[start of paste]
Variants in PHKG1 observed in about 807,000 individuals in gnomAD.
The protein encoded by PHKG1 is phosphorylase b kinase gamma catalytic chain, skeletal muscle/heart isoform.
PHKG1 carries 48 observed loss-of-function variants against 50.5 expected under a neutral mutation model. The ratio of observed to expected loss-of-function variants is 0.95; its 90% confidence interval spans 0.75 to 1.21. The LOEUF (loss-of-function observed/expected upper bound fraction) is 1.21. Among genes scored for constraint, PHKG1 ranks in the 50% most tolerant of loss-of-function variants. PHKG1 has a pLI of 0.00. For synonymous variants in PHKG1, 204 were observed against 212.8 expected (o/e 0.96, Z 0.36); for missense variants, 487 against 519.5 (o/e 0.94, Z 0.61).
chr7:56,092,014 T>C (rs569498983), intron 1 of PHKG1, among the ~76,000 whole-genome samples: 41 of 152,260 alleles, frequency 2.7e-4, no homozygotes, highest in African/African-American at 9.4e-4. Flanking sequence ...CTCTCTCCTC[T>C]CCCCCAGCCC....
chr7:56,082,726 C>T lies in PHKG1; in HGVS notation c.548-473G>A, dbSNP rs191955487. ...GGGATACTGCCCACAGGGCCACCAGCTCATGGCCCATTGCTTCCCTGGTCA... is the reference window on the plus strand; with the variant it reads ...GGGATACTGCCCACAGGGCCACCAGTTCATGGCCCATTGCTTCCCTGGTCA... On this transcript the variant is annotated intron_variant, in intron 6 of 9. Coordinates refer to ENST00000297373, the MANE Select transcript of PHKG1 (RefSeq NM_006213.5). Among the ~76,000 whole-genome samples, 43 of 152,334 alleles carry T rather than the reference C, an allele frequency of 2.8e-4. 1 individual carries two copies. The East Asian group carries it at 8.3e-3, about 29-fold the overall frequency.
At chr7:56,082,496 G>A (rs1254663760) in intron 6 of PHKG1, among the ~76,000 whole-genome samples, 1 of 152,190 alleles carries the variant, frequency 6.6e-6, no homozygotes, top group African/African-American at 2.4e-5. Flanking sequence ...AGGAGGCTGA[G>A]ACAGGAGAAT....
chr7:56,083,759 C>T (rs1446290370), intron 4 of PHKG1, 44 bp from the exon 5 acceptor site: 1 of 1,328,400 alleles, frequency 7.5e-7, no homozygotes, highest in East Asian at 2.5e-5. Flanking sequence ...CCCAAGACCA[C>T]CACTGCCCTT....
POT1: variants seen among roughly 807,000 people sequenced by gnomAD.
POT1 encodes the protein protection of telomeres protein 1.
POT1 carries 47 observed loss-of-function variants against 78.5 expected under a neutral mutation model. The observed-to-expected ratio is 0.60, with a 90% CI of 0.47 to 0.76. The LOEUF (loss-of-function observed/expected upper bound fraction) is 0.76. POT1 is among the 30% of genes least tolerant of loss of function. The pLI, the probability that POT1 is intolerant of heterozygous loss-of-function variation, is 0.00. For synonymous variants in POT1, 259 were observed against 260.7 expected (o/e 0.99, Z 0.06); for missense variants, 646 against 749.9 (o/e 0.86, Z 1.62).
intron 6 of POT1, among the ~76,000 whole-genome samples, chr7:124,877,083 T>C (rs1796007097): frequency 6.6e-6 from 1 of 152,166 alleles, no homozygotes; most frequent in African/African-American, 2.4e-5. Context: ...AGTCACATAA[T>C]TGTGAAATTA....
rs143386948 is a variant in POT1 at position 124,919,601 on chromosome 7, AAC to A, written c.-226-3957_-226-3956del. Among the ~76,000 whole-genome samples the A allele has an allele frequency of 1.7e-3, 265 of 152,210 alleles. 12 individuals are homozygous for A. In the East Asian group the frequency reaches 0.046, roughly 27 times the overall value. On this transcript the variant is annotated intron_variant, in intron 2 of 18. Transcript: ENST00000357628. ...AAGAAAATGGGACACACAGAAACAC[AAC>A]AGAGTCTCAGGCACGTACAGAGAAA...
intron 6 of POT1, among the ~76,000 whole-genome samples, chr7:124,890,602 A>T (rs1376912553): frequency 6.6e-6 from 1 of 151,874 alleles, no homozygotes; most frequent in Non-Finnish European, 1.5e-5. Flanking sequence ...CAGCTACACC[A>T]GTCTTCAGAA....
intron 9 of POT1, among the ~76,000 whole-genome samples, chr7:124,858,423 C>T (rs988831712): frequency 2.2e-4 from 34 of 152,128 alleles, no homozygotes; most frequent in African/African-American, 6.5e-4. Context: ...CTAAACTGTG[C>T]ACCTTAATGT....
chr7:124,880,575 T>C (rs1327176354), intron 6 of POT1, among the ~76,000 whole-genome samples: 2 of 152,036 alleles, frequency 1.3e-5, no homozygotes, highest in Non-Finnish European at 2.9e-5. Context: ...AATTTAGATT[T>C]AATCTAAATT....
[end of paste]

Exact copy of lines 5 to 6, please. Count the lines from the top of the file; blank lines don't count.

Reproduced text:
chr7:56,082,726 C>T lies in PHKG1; in HGVS notation c.548-473G>A, dbSNP rs191955487. ...GGGATACTGCCCACAGGGCCACCAGCTCATGGCCCATTGCTTCCCTGGTCA... is the reference window on the plus strand; with the variant it reads ...GGGATACTGCCCACAGGGCCACCAGTTCATGGCCCATTGCTTCCCTGGTCA... On this transcript the variant is annotated intron_variant, in intron 6 of 9. Coordinates refer to ENST00000297373, the MANE Select transcript of PHKG1 (RefSeq NM_006213.5). Among the ~76,000 whole-genome samples, 43 of 152,334 alleles carry T rather than the reference C, an allele frequency of 2.8e-4. 1 individual carries two copies. The East Asian group carries it at 8.3e-3, about 29-fold the overall frequency.
At chr7:56,082,496 G>A (rs1254663760) in intron 6 of PHKG1, among the ~76,000 whole-genome samples, 1 of 152,190 alleles carries the variant, frequency 6.6e-6, no homozygotes, top group African/African-American at 2.4e-5. Flanking sequence ...AGGAGGCTGA[G>A]ACAGGAGAAT....